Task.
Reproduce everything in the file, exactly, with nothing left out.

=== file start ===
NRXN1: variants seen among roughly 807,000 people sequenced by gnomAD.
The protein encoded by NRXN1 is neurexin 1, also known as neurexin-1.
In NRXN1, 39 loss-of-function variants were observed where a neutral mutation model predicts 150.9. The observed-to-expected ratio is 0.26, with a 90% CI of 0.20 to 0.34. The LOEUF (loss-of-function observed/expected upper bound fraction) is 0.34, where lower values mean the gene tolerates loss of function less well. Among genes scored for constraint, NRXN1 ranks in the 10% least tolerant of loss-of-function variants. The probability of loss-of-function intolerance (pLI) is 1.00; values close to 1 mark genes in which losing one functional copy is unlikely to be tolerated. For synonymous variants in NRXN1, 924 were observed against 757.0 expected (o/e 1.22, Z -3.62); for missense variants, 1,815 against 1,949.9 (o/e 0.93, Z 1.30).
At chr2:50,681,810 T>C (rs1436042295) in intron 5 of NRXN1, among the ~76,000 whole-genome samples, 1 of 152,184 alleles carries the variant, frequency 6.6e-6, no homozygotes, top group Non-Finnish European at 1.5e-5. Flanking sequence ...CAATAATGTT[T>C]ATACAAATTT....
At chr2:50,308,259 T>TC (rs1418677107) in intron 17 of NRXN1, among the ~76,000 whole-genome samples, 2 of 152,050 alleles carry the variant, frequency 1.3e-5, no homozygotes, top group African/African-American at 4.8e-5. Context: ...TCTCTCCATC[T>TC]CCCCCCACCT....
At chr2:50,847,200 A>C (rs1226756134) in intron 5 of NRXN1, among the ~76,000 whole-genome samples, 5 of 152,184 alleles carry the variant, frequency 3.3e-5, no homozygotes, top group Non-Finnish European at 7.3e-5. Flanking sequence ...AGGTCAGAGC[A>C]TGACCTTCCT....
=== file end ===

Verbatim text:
NRXN1: variants seen among roughly 807,000 people sequenced by gnomAD.
The protein encoded by NRXN1 is neurexin 1, also known as neurexin-1.
In NRXN1, 39 loss-of-function variants were observed where a neutral mutation model predicts 150.9. The observed-to-expected ratio is 0.26, with a 90% CI of 0.20 to 0.34. The LOEUF (loss-of-function observed/expected upper bound fraction) is 0.34, where lower values mean the gene tolerates loss of function less well. Among genes scored for constraint, NRXN1 ranks in the 10% least tolerant of loss-of-function variants. The probability of loss-of-function intolerance (pLI) is 1.00; values close to 1 mark genes in which losing one functional copy is unlikely to be tolerated. For synonymous variants in NRXN1, 924 were observed against 757.0 expected (o/e 1.22, Z -3.62); for missense variants, 1,815 against 1,949.9 (o/e 0.93, Z 1.30).
At chr2:50,681,810 T>C (rs1436042295) in intron 5 of NRXN1, among the ~76,000 whole-genome samples, 1 of 152,184 alleles carries the variant, frequency 6.6e-6, no homozygotes, top group Non-Finnish European at 1.5e-5. Flanking sequence ...CAATAATGTT[T>C]ATACAAATTT....
At chr2:50,308,259 T>TC (rs1418677107) in intron 17 of NRXN1, among the ~76,000 whole-genome samples, 2 of 152,050 alleles carry the variant, frequency 1.3e-5, no homozygotes, top group African/African-American at 4.8e-5. Context: ...TCTCTCCATC[T>TC]CCCCCCACCT....
At chr2:50,847,200 A>C (rs1226756134) in intron 5 of NRXN1, among the ~76,000 whole-genome samples, 5 of 152,184 alleles carry the variant, frequency 3.3e-5, no homozygotes, top group Non-Finnish European at 7.3e-5. Flanking sequence ...AGGTCAGAGC[A>C]TGACCTTCCT....